The Government this week released a report evaluating the Help-to-Buy Equity Loan Scheme. It said that the best estimate showed 43% of the new homes funded by the H2B Equity Loan Scheme were additional and this additional boost amounts to 14% of total new-build output.
That surprised a lot of people.
So I thought I’d better have a look at how this “best estimate” was generated.
I’ll say now it left me with a few questions and not a little concern.
So how did the researchers come get to 43%? The brief answer is that they quizzed people who bought homes through the H2B scheme and derived the figures from the answers.
The report’s objective seemed to be estimating the level of additionality produced by the policy intervention.
Interestingly, at the outset, they make the sensible point: “There are inherent challenges in making an assessment of additionality, the introduction of the policy in April 2013 means it is not possible to establish any meaningful counterfactual and disentangling the effects of the policy from other related policy initiatives add further complication.”
Then they go on to seek a best estimate. I’ll not try to unravel the whole process. I’ll just look at a little bit, but an important bit.
They selected three questions taken from their questionnaire to derive the 43% figure. These were:
Q18a – I would have been able to buy a property I wanted anyway without this assistance.
Q19a – do you think you would have been able to buy this same property without the assistance of the Help to Buy Equity Loan scheme or not?
Q19b – and do you think you would have been able to buy a similar property that was NOT new build and being sold by its owner. By similar I mean in terms of type, size and location?
For question 18a the interviewees could answer: Strongly agree; Tend to agree; Neither agree nor disagree; Tend to disagree; Strongly disagree; or Don’t know.
For question 19a and 19b the interviewees could answer: Yes – Definitely; Yes – Probably; No – Probably not; No – Definitely not; or Don’t know.
For “additionality” the respondents had to not agree with Q18a and not answer yes to Q19a or Q19b.
At first sight that might seem ok, if you trust the answers given.
That is until you look at the footnotes. You notice that the “disagree” portion from Q18a appears to include everyone who said “neither agree nor disagree”, “tend to disagree”, “strongly disagree” and “don’t know”. And the “no” portion for Q19a and Q19b includes “don’t know” responses. Unless, of course, I’m misreading the footnotes.
Without the fine data it’s hard to know exactly how the number giving negative responses to all three questions (215 out of the total 501 sample) would have shrunk if we took out the “don’t know “or “neither agree nor disagree” responses.
The two points to note here are: firstly; that the more negatives there are the bigger the additionality; and, secondly, surely you should exclude “don’t know” and “neither agree nor disagree” responses in these results?
I’m puzzled as to why they would be included. But what unsettles me more is the lack of critical examination of the likely behaviour of the respondents. How would you expect people to respond to these questions?
Firstly, all those interviewed were aware that they were taking part in a survey about the H2B Equity Loan Scheme and, having benefited from it, we might reasonably assume they view it favourably and will, in a sense, feel indebted to it. This will surely shade their responses.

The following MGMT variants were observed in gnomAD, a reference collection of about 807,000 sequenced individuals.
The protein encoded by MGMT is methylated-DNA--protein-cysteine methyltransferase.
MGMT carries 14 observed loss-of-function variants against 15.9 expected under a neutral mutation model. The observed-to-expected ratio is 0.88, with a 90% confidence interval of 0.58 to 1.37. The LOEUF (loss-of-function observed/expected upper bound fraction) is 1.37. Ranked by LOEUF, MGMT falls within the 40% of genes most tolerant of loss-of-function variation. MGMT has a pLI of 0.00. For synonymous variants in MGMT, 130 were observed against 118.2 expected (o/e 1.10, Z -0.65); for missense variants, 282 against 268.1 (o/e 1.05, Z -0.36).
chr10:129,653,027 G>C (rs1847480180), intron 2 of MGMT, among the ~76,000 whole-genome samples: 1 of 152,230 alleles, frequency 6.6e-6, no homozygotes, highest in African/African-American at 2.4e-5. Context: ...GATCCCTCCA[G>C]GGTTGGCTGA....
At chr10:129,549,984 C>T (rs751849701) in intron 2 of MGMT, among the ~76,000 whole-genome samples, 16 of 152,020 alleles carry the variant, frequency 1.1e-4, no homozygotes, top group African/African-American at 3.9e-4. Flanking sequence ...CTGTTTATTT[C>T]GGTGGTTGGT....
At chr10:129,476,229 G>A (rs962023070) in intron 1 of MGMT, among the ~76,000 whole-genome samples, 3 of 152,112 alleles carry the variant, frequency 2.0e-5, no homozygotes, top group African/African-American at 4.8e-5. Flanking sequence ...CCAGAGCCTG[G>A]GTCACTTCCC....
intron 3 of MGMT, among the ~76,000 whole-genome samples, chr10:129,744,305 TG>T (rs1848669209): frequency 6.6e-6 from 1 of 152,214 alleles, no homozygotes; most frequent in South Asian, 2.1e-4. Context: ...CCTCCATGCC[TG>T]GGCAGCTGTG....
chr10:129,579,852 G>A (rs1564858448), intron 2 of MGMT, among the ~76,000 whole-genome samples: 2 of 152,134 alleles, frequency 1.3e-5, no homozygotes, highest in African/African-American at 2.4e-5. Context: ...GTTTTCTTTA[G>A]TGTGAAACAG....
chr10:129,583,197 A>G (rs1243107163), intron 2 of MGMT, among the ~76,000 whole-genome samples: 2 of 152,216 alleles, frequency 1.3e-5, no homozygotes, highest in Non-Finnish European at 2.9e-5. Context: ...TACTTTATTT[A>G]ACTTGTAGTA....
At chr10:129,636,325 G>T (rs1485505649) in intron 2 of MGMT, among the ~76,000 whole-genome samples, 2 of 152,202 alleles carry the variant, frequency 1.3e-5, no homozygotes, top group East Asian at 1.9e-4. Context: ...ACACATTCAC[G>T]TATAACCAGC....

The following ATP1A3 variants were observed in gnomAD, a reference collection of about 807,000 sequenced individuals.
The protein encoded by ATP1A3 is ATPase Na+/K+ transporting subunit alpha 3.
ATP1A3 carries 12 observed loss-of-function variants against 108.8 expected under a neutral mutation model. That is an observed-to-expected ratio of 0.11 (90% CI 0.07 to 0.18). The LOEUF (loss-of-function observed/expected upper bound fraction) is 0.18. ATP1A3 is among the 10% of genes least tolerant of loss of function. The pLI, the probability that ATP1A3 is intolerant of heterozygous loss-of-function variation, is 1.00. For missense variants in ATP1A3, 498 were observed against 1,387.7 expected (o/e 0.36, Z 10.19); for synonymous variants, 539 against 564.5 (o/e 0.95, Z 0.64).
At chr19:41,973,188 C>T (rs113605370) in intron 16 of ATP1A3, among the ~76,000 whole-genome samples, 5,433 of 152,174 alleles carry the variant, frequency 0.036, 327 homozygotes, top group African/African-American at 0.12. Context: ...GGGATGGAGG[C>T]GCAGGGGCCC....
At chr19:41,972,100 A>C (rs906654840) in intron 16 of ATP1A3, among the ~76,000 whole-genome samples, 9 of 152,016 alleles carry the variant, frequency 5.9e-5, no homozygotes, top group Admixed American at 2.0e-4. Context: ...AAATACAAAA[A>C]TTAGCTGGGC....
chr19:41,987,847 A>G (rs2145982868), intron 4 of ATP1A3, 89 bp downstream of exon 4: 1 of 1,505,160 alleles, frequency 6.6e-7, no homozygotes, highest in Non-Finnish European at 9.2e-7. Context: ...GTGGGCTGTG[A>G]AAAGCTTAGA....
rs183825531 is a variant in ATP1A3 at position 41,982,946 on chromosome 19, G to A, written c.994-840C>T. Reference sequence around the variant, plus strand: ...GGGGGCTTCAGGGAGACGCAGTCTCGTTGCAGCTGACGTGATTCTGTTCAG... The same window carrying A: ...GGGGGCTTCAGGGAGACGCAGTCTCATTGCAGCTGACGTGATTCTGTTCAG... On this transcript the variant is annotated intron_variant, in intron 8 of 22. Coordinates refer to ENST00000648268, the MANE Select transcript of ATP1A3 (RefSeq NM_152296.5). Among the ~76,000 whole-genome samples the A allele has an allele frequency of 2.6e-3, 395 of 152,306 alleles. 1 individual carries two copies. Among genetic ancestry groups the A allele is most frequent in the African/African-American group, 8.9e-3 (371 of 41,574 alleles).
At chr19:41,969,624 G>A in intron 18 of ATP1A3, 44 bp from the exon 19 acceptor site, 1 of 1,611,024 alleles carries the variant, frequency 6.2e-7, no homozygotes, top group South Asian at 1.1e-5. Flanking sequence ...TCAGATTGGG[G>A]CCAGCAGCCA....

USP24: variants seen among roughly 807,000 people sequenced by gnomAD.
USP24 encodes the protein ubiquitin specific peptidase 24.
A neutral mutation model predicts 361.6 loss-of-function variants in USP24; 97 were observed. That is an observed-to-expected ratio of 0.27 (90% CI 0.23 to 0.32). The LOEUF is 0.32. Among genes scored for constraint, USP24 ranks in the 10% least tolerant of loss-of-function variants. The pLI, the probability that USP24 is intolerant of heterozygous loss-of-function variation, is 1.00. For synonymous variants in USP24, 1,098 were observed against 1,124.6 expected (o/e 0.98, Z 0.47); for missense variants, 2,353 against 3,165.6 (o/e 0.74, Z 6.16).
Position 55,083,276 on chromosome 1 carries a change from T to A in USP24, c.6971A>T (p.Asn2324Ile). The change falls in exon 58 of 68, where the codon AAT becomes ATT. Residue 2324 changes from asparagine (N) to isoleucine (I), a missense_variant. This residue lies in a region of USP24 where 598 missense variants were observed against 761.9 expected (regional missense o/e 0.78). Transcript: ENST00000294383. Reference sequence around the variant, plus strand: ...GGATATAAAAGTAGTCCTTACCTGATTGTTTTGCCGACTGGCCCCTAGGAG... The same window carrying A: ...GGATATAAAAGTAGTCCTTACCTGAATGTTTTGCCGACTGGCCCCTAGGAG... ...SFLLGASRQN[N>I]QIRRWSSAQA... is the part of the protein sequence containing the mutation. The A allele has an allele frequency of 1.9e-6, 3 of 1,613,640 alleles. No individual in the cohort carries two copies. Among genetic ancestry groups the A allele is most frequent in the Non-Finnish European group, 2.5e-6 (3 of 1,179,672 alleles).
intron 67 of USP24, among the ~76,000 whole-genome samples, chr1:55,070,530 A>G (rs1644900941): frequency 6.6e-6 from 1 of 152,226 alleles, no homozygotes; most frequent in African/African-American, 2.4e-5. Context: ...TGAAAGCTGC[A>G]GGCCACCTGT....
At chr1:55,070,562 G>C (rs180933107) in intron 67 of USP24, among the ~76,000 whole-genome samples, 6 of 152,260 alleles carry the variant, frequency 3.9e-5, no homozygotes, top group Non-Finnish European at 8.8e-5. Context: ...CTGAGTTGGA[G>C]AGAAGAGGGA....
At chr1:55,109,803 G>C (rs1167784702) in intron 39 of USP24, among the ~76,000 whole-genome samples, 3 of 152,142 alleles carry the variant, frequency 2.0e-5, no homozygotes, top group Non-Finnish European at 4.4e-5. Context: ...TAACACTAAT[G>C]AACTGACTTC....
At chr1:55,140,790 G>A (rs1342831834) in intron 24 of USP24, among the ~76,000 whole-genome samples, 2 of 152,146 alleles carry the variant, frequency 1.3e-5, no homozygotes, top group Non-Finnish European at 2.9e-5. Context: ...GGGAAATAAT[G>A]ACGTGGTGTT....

Cognitive bias will be at play, if only because we are asking people to compare what actually happened with a counterfactual that is for many, if not all, unknowable or unexamined.
Think how many times people have said to you: “I couldn’t have done it without your help.” Think how many time you have known full well they would have found an alternative way, if push came to shove.
For the respondents H2B was part of what got them the home they wanted. It is hard to know whether they would or could have taken a different route and bought the home they ended up with (for example, the “Bank of Mum and Dad”) or bought a smaller place or bought somewhere else, if the scheme wasn’t available. They did not need to look elsewhere for alternatives, as those before H2B might have done, so the likelihood is that alternative options were not examined, explored or experienced.
In these circumstances what does “I tend to disagree” or “probably no”, let alone “neither agree nor disagree” really mean?
Personally, I’d be uncomfortable about taking any response less categorical than “strongly disagree” or “definitely no” as a sufficiently strong negative response to the question of whether they would have bought a new home without H2B. And I’m purposely avoiding getting into speculation about what incentives house builders would have provided in the absence of H2B. There would have been other incentives.
So, if we were to take out the “probably no”, “tend to disagree”, “neither agree nor disagree” and “don’t know” responses, what would be left? Far less than 215 out of 501 (43%) I wager.
I sense you could be getting bored here. So I’ll cut it short. I could go on. For instance, I might suggest the use of Land Registry data for factoring the proportion of new-build homes bought with H2B is questionable and makes the additionality provided by H2B look more impressive than if we used potentially more realistic alternative data.
I’m not suggesting that the researchers deliberately set out to stretch the numbers and there may be something in the analysis that I’m missing, but I feel far from comfortable with the best estimate provided.
So when you hear in future the 43% of homes bought with H2B Equity Loan Scheme were additional and that this boosted new-home output by 14%, it may be worth being a little sceptical. Well, a lot sceptical.